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Oxfam is a network of international group of 17 organizations in more than 90 countries. The organization, which focuses on global poverty issues, isn’t judging Cargill’s use of its land, Jochnick said.
“It’s quite possible it’s a productive use, a use to address national food security,” he said. “But the Colombian government has set a policy to favor small holders and limit large acquisitions.”
About 80 percent of the land in Colombia is in the hands of 14 percent of landowners, and that concentration has been growing — despite the government’s policy, the Oxfam report says.
Land concentration has long been a key complaint of the Revolutionary Armed Forces of Columbia, or FARC, a leftist guerrilla group.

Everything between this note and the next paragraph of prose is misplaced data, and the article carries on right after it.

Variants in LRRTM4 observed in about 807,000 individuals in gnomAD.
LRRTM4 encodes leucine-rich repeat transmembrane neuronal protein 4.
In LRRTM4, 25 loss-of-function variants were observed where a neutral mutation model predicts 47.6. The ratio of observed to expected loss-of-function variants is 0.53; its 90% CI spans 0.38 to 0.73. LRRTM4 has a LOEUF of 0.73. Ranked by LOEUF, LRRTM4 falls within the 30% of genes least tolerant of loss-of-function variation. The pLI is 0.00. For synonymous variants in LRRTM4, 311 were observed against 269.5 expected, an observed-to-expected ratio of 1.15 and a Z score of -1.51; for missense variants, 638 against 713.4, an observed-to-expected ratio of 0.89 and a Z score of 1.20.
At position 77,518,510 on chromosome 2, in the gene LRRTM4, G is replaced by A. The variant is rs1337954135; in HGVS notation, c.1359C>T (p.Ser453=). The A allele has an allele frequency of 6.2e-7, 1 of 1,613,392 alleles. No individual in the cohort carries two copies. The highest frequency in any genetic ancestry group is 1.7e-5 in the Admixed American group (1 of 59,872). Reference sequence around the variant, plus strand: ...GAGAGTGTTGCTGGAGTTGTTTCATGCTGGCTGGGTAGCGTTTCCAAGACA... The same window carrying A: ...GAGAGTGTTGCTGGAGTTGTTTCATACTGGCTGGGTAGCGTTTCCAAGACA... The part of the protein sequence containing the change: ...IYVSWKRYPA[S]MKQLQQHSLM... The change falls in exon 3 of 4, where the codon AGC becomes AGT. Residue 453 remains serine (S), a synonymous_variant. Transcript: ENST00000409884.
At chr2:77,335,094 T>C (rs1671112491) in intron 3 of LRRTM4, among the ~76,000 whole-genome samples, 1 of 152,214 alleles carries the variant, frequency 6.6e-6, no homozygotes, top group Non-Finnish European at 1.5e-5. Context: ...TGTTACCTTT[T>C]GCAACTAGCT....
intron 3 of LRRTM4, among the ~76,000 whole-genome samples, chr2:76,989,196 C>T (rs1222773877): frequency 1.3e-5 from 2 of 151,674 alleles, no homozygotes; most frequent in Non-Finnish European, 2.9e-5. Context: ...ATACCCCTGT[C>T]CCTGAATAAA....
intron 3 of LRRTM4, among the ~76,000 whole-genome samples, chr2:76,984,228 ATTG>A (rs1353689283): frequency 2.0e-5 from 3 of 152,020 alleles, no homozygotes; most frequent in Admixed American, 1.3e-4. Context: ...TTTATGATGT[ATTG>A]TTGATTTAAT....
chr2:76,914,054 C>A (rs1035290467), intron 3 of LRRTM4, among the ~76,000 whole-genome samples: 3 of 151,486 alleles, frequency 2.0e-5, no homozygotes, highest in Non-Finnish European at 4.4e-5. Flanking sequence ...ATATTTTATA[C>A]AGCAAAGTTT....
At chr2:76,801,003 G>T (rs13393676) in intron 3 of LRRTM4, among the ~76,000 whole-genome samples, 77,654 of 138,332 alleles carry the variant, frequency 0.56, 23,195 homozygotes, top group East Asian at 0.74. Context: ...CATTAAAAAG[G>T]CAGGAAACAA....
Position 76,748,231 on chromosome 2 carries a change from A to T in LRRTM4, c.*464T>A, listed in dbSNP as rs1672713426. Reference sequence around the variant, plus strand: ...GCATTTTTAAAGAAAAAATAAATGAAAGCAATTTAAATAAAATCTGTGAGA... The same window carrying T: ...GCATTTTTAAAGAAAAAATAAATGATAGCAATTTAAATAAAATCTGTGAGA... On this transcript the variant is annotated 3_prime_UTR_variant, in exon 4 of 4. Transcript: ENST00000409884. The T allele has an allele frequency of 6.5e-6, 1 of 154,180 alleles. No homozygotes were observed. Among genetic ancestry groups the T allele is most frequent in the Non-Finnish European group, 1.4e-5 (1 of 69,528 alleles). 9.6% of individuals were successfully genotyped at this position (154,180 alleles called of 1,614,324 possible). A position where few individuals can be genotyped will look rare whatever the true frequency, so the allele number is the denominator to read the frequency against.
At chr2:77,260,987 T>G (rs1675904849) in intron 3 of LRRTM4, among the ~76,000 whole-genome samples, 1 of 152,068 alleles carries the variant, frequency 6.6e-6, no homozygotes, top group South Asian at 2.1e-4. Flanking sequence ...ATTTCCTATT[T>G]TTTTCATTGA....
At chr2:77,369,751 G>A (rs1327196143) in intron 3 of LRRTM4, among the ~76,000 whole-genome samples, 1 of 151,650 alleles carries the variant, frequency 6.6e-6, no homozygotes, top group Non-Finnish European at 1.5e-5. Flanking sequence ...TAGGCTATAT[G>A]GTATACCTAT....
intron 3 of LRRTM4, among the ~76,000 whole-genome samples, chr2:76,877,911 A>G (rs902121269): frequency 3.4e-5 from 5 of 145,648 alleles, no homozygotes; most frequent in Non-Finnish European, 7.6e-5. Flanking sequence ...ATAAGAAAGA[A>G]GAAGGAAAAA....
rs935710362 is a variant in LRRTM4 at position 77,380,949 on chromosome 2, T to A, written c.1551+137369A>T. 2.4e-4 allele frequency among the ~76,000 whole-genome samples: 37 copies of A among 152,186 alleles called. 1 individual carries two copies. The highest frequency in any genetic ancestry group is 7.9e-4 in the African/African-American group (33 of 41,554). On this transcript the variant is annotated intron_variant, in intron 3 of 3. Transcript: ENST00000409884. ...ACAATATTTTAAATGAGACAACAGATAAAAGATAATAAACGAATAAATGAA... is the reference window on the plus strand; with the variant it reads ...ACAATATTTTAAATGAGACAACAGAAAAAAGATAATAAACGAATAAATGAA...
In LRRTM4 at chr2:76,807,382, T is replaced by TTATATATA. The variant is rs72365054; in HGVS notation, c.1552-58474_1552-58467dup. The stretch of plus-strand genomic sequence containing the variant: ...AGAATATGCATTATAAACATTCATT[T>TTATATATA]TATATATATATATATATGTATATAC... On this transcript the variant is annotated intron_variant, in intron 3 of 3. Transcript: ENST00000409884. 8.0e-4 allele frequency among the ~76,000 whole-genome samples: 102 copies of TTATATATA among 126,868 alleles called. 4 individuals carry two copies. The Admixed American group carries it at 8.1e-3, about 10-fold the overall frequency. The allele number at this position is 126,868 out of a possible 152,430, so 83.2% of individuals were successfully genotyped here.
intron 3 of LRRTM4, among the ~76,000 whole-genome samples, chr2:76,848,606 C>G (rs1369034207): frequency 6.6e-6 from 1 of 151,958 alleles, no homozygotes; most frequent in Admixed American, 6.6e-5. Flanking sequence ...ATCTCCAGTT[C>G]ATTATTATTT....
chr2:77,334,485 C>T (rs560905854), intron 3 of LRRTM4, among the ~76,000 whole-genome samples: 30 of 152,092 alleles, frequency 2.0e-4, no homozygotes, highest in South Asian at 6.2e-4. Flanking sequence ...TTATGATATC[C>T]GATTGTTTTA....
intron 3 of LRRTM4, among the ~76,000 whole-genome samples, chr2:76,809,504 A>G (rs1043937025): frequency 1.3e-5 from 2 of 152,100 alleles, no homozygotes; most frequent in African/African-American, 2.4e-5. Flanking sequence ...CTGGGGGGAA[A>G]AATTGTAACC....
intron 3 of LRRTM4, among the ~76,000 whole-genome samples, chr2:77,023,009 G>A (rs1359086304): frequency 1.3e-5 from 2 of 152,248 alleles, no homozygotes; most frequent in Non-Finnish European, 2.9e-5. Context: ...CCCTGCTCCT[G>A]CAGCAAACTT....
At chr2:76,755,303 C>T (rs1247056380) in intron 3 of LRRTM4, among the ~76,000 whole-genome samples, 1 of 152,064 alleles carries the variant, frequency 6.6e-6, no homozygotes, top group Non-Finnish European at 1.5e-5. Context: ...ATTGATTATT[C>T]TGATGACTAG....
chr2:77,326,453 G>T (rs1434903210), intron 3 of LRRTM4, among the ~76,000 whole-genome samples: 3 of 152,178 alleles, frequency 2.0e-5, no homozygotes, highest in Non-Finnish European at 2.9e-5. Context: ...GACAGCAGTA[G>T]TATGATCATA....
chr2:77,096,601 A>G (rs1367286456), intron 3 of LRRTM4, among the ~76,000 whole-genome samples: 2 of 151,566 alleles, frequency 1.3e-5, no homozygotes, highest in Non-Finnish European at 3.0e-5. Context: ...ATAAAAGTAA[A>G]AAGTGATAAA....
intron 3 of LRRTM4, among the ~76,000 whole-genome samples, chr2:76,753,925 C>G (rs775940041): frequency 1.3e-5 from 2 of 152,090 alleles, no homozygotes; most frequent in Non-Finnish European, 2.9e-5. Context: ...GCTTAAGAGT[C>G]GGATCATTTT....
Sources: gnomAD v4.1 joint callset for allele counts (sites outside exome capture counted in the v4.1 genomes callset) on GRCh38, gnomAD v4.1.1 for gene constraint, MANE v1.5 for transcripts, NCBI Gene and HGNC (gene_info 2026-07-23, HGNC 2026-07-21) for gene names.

FARC and other paramilitary groups have a presence in the Altillanura region, and it’s also home to “illicit” crops, the Oxfam report said.
Black River invited Oxfam to visit its Colombia farms, but the group declined. “It was disappointing they did a report on our operation and refused to visit,” Johnson said.
Oxfam didn’t need to visit because the issue involved land sales, not how the land was being used, Jochnick said.
Plus, he said, Oxfam policy prohibits its workers from going into “dangerous” areas like Vichada.
“There really was no need for us to imperil our staff,” he said.
Mike Hughlett • 612-673-7003